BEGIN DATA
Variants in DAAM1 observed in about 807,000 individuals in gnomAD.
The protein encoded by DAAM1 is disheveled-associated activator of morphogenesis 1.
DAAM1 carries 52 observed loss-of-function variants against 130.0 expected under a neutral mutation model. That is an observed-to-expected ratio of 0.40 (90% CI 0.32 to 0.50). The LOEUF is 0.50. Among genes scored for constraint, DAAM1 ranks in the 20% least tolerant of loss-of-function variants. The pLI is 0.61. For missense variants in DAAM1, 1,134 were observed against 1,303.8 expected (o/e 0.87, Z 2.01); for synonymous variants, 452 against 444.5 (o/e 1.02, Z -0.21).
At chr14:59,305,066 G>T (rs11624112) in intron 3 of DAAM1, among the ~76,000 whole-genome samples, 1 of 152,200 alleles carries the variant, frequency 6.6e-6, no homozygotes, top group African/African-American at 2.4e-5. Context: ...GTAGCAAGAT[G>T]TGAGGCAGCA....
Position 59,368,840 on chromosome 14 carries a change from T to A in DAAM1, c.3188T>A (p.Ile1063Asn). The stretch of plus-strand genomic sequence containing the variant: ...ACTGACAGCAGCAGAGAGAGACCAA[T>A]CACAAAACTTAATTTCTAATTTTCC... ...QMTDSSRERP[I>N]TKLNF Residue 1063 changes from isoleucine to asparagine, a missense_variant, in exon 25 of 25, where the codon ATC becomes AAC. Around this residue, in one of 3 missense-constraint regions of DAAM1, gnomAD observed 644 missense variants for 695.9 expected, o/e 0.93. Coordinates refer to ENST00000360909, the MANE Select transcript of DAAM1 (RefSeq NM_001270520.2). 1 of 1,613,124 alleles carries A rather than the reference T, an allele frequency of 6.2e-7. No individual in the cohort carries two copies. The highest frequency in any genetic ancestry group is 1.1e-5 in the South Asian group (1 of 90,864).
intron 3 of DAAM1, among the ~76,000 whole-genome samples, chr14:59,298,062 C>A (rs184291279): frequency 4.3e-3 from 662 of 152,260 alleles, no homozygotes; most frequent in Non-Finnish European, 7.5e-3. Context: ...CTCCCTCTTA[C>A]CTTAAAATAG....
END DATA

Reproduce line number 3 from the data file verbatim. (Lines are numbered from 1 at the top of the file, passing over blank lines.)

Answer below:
DAAM1 carries 52 observed loss-of-function variants against 130.0 expected under a neutral mutation model. That is an observed-to-expected ratio of 0.40 (90% CI 0.32 to 0.50). The LOEUF is 0.50. Among genes scored for constraint, DAAM1 ranks in the 20% least tolerant of loss-of-function variants. The pLI is 0.61. For missense variants in DAAM1, 1,134 were observed against 1,303.8 expected (o/e 0.87, Z 2.01); for synonymous variants, 452 against 444.5 (o/e 1.02, Z -0.21).